The story of the expansion of civilization into the wilderness continues to shape perceptions of how Aboriginal people became part of nations such as Canada. Patricia McCormack subverts this narrative of modernity by examining nation building from the perspective of a northern community and its residents. Fort Chipewyan, she argues, was never an isolated Aboriginal community but a plural society at the crossroads of global, national, and local forces. By tracing the events that led its Aboriginal residents to sign Treaty No. 8 and their struggle to maintain autonomy thereafter, this groundbreaking study shows that Aboriginal peoples and others can and have become modern without relinquishing cherished beliefs and practices.strong Scottish element quite different from the Englishness of the home country. ... a form of moral regulation and cultural revolution that Corrigan and Sayer consider essential to state formation (1985:2, 4; Gellner ... them to be the same children now able to read, write and speak English and Frencha (EB, aFrom the Far North, a 28 June 1897:3). ... they are to be equipped with merely sufficient education to fear God, honor the King, and respect the laws of the countrya ( Report, 7 Nov.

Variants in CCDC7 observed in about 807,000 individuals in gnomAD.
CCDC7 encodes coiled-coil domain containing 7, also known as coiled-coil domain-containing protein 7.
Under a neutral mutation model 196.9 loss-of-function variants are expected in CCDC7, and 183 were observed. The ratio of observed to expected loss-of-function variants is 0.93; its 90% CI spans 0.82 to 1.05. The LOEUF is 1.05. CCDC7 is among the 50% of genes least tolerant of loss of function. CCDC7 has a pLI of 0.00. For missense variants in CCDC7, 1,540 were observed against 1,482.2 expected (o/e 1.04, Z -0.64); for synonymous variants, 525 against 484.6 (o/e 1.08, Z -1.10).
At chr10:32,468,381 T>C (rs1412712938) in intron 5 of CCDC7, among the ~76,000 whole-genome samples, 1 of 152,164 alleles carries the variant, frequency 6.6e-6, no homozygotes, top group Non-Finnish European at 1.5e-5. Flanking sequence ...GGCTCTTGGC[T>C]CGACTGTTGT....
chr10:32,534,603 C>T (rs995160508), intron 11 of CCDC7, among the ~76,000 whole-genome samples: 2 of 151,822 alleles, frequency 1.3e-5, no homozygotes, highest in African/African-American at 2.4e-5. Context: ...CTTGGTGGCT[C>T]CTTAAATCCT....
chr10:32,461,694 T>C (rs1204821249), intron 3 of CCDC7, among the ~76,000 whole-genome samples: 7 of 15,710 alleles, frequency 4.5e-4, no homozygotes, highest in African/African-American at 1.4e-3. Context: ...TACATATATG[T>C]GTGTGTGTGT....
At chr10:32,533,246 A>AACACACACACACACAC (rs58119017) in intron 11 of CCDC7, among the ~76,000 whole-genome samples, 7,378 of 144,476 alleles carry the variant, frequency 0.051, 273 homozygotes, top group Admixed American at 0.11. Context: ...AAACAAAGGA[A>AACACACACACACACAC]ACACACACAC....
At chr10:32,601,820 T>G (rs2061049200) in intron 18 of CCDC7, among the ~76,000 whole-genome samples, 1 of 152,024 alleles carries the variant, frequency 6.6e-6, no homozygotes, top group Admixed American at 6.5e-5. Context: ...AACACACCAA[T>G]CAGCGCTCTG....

|Title||:||Fort Chipewyan and the Shaping of Canadian History, 1788-1920s|
|Author||:||Patricia A. McCormack|
|Publisher||:||UBC Press - 2011-01-01|